Ways to stay sharp behind the wheel

Many aspects of aging affect the ability to drive, such as poor vision, hearing impairment, loss of muscle mass, and changes in thinking skills. Addressing underlying health conditions and getting an evaluation from a driver assessment program can help older adults improve weaknesses in driving. Other tips to stay safer behind the wheel include cutting down on driving distractions, such as cellphones, loud music, or chatter; limiting exposure to busy traffic, and avoiding driving in bad weather. (Locked) More »

How much vitamin D should I take?

Scientists don’t have definitive evidence yet about how much vitamin D one should take for good health. There’s general agreement that doses above 4,000 IU daily can be toxic to adults, with lower doses toxic to kids. (Locked) More »

Avoiding health risks at the farmers’ market

Going to a farmers’ market is a great way to load up on fresh fruits and vegetables. But one should be wary of buying products that may harbor bacteria that can cause foodborne illness. Those products include unpasteurized ciders or dairy foods, such as cheese or milk; and perishable homemade goods (sauces or meals), meat, and dairy products that are sold out of a cooler, without being properly refrigerated. After buying your food items, get them home within one to two hours. Once home, put food away as soon as possible. (Locked) More »

Better habits, better brain health

Engaging in healthy lifestyle habits may help protect thinking skills. For example, aerobic exercise helps improve the health of brain tissue by increasing blood flow to the brain and reducing the chances of injury to the brain. Maintaining routine habits of good health—such as getting at least seven hours of sleep per night, managing stress, quitting smoking, and treating underlying conditions—also support brain health. Socializing also has important brain benefits. People who report having more companionship and more emotional support have a lower risk for dementia and stroke. (Locked) More »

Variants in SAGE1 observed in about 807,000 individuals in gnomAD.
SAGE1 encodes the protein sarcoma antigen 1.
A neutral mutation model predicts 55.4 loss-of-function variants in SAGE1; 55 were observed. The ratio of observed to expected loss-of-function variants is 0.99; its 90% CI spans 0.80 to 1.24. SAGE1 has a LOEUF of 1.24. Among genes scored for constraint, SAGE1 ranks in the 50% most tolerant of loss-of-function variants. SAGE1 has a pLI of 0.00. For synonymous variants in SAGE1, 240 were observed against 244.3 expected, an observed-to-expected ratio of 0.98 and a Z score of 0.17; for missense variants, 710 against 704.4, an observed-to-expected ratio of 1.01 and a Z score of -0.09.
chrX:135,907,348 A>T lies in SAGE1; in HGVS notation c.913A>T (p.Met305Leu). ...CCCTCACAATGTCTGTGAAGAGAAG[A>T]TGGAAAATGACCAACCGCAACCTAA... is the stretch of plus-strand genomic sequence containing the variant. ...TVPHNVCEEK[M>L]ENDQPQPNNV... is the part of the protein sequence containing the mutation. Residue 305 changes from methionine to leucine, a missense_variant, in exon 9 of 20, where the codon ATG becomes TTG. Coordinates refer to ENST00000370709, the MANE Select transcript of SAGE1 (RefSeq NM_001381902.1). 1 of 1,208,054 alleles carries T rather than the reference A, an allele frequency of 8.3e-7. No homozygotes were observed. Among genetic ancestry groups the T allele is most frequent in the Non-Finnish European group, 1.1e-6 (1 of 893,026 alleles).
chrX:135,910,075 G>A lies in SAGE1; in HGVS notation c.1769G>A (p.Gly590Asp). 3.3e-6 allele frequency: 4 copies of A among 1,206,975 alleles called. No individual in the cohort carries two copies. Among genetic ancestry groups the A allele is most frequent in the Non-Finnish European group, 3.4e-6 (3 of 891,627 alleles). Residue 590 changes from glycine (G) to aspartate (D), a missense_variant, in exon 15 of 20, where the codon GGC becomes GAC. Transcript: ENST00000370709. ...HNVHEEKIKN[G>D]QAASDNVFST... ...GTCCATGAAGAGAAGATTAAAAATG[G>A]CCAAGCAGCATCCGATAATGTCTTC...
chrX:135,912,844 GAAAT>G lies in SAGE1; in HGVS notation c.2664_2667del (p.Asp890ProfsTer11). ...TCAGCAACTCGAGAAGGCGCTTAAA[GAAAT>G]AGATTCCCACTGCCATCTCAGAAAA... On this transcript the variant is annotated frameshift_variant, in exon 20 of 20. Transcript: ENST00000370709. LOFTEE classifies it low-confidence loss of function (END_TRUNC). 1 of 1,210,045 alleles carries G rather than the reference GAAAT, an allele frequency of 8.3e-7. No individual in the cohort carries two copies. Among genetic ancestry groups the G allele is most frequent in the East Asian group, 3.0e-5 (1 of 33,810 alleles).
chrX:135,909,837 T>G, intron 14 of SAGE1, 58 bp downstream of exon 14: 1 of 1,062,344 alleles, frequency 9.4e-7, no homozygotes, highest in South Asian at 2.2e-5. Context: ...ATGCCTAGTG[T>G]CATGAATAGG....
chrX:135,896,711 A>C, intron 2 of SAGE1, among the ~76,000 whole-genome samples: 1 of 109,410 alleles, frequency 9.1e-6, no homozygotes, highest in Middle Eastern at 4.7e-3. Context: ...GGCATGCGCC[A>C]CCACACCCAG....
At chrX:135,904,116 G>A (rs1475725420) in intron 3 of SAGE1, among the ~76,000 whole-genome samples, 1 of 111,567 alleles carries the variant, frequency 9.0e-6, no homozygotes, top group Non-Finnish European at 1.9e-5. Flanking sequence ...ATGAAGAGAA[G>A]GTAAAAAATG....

Is your workout giving you a stiff neck?

When people do not use the proper form during physical activity, they may experience neck pain. Common mistakes include extending the neck forward when swinging a golf club, looking up while doing a “downward dog” position in yoga, and leaning too far over bicycle handlebars. Tucking your chin back toward the neck helps keep the neck in a neutral position and may help reduce pain. Strengthening the neck, shoulder, and core muscles also helps prevent neck pain. More »

Fall vaccination roundup

There are several vaccines older adults should consider getting. The flu shot is required every year, especially for people ages 65 or older, and for people who have chronic lung disease, cancer, diabetes, or heart problems. The shingles vaccine is recommended for people starting at age 50 or 60. Two vaccines protect against pneumococcus, a bacterium that can cause severe pneumonia, bacteremia, sinus infections, ear infections, or bacterial meningitis. The CDC recommends that adults 65 and older get a dose of PCV13 first, followed by a dose of PPSV23 six to 12 months later. (Locked) More »